“When ethnographic research was a novelty in design, there were designers who specialized in research,” explains Harry West, CEO of Frog. “Now, the role of a design researcher is becoming a fundamental skill required in all areas of design. Today, in all design projects, you must first define what the client wants; every designer needs to know how to organize research. “Consequently, no one needs specifically the researchers themselves. This role is so fundamental that every designer must know how to conduct research. “
John Russo, chief executive at Artefact, points out this: “New technologies like machine learning and virtual reality are killing design research.” “Design research as we know it may cease to exist, at least for the kinds of ethnographic fieldwork that we are doing today.” “Research and researchers are likely to be marginalized by new forms of automated data generation compiled through remote control and introduced through technologies such as virtual reality.”
Traditional industrial designers
Most of the designers we interviewed, predictably, painted blooming perspectives in their area. But not Markus Wierzoch, director of industrial design at Artefact. He says that classically trained industrial designers who are too attached to the “industrial” part of their profession – in other words, too focused on the sculptural appearance of their products – will become, as he put it, “Designosaurs.”
“Even more than before, industrial design cannot exist in a vacuum,” he says. The problem is that the form no longer follows the function – this also applies to software. This means that in the future, industrial designers will have to think about continuous user experience. Wierzoch calls these designers “post-industrial designers.”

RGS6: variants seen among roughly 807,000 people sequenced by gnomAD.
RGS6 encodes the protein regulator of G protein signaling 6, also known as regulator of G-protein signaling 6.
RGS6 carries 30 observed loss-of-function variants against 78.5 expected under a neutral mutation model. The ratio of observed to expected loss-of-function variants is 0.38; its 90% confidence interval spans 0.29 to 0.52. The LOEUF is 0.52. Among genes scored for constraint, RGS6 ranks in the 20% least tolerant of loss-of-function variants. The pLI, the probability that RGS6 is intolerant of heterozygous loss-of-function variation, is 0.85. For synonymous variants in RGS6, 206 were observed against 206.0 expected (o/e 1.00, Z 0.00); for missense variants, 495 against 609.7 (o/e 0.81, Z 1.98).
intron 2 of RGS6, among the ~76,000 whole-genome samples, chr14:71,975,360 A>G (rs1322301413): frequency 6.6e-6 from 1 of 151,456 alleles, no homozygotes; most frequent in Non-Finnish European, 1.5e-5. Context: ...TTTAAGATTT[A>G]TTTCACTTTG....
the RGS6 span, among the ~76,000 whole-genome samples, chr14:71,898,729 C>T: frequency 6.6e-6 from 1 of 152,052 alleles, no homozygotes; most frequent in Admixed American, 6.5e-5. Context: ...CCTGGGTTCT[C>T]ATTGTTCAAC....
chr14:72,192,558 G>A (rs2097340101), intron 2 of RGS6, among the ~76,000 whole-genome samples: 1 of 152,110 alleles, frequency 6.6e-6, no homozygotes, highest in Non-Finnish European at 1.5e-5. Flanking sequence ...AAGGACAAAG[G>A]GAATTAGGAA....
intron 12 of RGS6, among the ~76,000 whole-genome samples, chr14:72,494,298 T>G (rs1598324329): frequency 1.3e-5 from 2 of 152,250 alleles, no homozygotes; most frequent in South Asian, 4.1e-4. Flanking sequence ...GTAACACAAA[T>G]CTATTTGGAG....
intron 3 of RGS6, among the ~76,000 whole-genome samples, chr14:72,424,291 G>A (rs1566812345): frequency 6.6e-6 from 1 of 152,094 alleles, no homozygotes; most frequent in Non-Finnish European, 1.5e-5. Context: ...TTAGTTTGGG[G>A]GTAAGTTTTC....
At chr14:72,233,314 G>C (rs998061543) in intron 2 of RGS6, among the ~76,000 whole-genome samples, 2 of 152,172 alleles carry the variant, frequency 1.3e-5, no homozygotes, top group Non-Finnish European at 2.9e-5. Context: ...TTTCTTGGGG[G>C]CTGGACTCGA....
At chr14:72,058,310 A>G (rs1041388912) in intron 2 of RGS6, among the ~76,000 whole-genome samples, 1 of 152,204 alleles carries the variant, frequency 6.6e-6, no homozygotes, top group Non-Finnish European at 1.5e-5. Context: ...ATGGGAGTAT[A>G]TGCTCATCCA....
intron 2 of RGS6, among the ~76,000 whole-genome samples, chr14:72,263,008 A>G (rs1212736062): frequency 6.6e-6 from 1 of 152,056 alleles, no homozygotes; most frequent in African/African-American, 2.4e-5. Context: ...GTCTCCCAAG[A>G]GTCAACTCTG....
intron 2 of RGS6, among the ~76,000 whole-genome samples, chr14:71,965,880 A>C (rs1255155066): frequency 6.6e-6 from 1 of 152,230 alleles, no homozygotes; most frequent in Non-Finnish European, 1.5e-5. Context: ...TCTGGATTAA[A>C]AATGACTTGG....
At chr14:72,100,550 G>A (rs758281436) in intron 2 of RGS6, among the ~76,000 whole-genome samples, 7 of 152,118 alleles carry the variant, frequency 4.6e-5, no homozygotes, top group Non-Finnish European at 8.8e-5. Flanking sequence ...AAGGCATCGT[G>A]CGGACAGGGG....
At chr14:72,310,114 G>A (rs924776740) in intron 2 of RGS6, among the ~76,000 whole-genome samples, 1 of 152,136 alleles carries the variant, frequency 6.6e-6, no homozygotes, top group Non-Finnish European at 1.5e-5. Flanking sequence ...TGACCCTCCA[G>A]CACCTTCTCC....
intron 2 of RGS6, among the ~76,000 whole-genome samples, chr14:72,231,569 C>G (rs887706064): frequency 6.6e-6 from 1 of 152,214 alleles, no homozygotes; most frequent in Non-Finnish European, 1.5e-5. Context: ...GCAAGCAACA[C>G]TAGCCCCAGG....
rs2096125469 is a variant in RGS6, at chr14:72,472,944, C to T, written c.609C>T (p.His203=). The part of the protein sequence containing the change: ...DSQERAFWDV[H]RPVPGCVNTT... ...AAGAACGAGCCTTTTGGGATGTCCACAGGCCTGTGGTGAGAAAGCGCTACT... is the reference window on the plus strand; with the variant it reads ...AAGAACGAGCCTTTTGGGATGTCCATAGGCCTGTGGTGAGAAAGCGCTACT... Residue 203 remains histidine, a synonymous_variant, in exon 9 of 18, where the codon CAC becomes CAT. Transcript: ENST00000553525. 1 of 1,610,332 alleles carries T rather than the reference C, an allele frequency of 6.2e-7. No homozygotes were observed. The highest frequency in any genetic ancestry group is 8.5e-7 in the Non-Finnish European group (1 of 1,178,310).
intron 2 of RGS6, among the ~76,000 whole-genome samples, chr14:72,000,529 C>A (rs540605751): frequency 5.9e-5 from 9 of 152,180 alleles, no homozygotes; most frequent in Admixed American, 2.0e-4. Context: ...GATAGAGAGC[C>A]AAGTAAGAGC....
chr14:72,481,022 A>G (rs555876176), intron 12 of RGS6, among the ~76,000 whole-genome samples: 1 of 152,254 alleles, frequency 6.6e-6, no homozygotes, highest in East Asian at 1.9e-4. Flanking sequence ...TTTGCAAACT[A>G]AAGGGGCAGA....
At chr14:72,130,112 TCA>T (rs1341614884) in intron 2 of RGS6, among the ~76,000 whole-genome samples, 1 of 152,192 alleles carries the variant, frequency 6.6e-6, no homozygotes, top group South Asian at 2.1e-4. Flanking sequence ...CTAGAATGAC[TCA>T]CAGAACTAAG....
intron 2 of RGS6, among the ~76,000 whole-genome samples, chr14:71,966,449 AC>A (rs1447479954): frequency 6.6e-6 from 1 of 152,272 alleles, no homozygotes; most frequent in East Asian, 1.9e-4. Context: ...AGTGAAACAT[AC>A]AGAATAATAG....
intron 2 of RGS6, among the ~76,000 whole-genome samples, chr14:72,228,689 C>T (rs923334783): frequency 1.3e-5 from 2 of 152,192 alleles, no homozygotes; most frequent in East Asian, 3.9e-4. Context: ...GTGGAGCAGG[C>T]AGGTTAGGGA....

Doreen Lorenzo, head of integrated design at UT Austin, also believes that classically trained industrial designers will soon disappear. “In the future, all designers will be hybrids,” she says.
“Having a high-level designer is a recent trend,” says Sherrill Kababa, deputy director of design at Artifact. And this role can and should disappear. “Good design is a complex science, which means that in a design-oriented company, all executives will practice design, and therefore the position of chief designer will disappear as quickly as it appeared.”
CEO Tim Brown echoes the idea that design will be anchored at the executive level, but he doesn t think executives themselves will disappear. “Business goes from a long period where analytical skills were highly valued because they brought efficiency with them, to a period in which creative and design skills are very important when dealing with complexity, change, and the demand for constant innovation … successful. “
Design professions that will thrive
Virtual interaction designers
By 2020, virtual and augmented reality will become a $ 150 billion industry that will cover everything from healthcare to architecture. Doreen Lorenzo thinks that more and more UI designers will start to associate themselves with the Oculus Rift, and become VI designers. “As more and more products become fully virtual – from chatbots to 3D projections – we will see a new generation of virtual interaction designers who will create experiences driven by dialogue, gesture and light,” she says.
Material Design Specialists